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Transcript
Welcome to
Starry Monday at Otterbein
Astronomy Lecture Series
-every first Monday of the monthJanuary 3, 2005
Dr. Uwe Trittmann
Today’s Topics
• Telescopes
• The Night Sky in January
Feedback!
• Please write down suggestions/your interests on the
note pads provided
• If you would like to hear from us, please leave your
email / address
• To learn more about astronomy and physics at
Otterbein, please visit
– http://www.otterbein.edu/dept/PHYS/weitkamp.asp (Obs.)
– http://www.otterbein.edu/dept/PHYS/ (Physics Dept.)
Telescopes
• From Galileo to Hubble
Telescopes
• Light
collectors
• Two types:
– Reflectors
(Mirrors)
– Refractors
(Lenses)
Refraction
• Light travels at different speeds in vacuum, air,
and other substances
• When light hits the material at an angle, part of it
slows down while the rest continues at the original
speed – results in a change of direction
– Different colors bend different amounts – prism,
rainbow
Refraction
• Lenses use refraction to focus light to a
single spot
Reflection
• Light that hits a mirror is
reflected at the same
angle it was incident
from
• Proper design of a mirror
(the shape of a parabola)
can focus all rays
incident on the mirror to
a single place
Reflecting Telescopes
Exploring our Telescopes
• Typical Questions:
–
–
–
–
–
–
–
What type of telescope is it?
How big is it, i.e. what is its biggest optical device?
What is its focal length?
What is the focal length of the eyepiece?
What is its magnification?
Try to focus on an object. Describe the image.
If the telescope is on a mount:
• How many axes does the mount have?
• Does it have a motor?
• What is the type of mount?
Magnification
• Magnification of a telescope is determined
by the ratio of the focal length of the main
optical device F and the focal length of the
eyepiece f:
•
magnification= F / f
• The longer F the more magnification
• The shorter f the more magnification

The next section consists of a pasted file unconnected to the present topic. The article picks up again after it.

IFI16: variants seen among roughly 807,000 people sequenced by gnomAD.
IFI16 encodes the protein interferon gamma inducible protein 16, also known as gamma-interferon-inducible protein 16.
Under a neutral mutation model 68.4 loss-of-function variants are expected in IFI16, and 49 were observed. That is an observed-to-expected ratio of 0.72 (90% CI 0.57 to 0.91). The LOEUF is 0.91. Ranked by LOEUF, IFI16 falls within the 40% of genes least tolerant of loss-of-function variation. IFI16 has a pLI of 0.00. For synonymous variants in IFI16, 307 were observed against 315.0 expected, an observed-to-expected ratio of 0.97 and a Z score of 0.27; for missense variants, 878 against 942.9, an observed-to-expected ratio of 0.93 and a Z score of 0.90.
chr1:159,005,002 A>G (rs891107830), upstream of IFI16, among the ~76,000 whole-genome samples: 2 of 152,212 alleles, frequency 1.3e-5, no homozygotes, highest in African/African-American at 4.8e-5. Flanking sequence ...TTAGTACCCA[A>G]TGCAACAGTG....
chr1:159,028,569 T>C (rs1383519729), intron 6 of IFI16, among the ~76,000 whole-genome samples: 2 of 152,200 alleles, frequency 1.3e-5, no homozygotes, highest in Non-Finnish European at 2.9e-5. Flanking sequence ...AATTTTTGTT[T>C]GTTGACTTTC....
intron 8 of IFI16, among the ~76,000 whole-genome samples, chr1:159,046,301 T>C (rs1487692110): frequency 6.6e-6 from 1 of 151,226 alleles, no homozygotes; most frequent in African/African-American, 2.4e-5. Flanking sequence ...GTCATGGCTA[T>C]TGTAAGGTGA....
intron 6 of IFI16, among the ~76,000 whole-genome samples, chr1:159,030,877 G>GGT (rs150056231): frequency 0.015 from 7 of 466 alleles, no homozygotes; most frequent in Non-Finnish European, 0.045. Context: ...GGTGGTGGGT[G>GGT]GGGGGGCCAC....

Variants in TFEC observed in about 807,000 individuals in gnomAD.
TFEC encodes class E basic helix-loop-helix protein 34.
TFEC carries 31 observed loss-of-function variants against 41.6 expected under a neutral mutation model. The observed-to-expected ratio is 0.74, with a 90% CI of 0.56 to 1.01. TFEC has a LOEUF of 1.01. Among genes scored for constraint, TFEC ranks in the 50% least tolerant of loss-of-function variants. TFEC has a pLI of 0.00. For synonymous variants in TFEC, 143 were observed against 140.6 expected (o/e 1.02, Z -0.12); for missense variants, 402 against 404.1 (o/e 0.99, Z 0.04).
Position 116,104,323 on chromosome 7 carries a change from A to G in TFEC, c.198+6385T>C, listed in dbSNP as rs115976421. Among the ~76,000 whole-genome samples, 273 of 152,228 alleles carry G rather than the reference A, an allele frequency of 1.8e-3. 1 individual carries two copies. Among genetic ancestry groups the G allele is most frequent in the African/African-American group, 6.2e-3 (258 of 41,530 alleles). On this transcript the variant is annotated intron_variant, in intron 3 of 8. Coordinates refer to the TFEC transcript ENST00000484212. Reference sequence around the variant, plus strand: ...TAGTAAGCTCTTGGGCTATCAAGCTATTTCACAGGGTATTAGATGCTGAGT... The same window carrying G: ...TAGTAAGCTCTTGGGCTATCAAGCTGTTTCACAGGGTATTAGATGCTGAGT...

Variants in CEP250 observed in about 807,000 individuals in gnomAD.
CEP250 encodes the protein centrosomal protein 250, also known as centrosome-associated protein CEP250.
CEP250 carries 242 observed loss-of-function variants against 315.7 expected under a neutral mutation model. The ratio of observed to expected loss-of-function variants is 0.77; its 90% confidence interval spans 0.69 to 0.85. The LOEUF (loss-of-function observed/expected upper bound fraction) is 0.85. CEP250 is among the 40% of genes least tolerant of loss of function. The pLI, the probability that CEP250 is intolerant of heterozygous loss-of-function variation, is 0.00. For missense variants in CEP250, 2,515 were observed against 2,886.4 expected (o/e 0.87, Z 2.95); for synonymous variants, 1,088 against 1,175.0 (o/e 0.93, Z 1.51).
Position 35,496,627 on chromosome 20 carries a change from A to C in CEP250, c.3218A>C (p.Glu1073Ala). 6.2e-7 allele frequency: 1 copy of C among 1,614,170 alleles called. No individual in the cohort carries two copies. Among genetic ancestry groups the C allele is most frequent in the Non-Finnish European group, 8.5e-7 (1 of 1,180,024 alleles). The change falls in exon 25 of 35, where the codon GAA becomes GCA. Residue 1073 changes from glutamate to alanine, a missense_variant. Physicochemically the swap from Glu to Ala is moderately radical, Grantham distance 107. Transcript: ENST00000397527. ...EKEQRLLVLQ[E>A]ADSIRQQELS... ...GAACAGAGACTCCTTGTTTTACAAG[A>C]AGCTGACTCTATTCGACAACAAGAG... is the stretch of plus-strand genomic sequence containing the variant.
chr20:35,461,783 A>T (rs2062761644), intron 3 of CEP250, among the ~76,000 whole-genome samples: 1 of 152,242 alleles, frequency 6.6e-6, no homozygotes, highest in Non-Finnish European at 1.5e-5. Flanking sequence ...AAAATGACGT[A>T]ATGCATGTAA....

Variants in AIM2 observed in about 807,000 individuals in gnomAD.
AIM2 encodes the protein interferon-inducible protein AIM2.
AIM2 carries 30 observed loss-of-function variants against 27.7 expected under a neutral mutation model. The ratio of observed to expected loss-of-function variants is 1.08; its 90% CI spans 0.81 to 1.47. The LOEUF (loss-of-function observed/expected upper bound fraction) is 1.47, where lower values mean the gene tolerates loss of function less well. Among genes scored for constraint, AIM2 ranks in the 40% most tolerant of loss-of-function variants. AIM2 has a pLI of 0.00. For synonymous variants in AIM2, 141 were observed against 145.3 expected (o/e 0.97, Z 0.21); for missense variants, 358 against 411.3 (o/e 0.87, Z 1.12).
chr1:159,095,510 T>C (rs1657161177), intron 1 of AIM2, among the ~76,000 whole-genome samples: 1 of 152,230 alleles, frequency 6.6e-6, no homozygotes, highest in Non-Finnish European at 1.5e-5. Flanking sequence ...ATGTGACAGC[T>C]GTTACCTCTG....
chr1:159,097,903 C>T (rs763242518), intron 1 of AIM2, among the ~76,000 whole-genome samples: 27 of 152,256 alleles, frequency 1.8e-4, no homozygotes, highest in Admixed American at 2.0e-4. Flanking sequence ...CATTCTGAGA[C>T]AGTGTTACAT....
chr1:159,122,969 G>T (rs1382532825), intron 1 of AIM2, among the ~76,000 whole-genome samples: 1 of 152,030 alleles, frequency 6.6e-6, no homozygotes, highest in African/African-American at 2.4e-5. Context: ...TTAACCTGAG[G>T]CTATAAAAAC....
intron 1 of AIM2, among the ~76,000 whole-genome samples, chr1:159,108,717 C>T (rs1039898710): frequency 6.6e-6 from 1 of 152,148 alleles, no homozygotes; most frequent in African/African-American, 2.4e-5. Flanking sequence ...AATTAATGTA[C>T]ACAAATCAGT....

Newtonian Telescope
• Long tubes (approx. focal length)
• Open at front
• Eyepiece on side
Schmidt-Cassegrain Telescope (CAT)
• Very compact & easy to use
• Closed (Corrector plate)
• Resonably priced
Refractor
• Two lenses -> inverted image
• Long tube (approx. focal length of
objective)
• Usually pretty expensive
Binoculars
• Erect image -> good for terrestrial viewing
• Prisms needed to produce erect image
• Typical specs: 8x60, means magnifies 8x
and objective lens is 60 mm in diameter
A good starting point
• A pair of binoculars and a star map will
keep you busy for a long time – anywhere!
–
–
–
–
–
–
–
constellations
Planets
Moon
Orion nebula
Andromeda Galaxy
star clusters
…
The Night Sky in January
• The sun is very low in the sky -> long nights!
• Winter constellations (Orion, Gemini,
Taurus,…) contain many bright stars and objects
• The Earth is closest to the sun!
• Saturn is in Opposition (i.e. at its brightest)
What’s up in the night sky?
The Celestial Sphere
• An imaginary sphere
surrounding the earth,
on which we picture the
stars attached
• Axis through earth’s
north and south pole
goes through celestial
north and south pole
• Earth’s equator
Celestial equator
What’s up for you?
Observer
Coordinates
• Horizon – the
plane you stand on
• Zenith – the point
right above you
• Meridian – the
line from North to
Zenith to south
…depends where you are!
• Your local sky –
your view depends on your location on earth
Look
North in
Westerville
Look
North on
Hawai’i
Sun and Moon
January 3, 2005
Sun Rise
Sun Set
Actual Time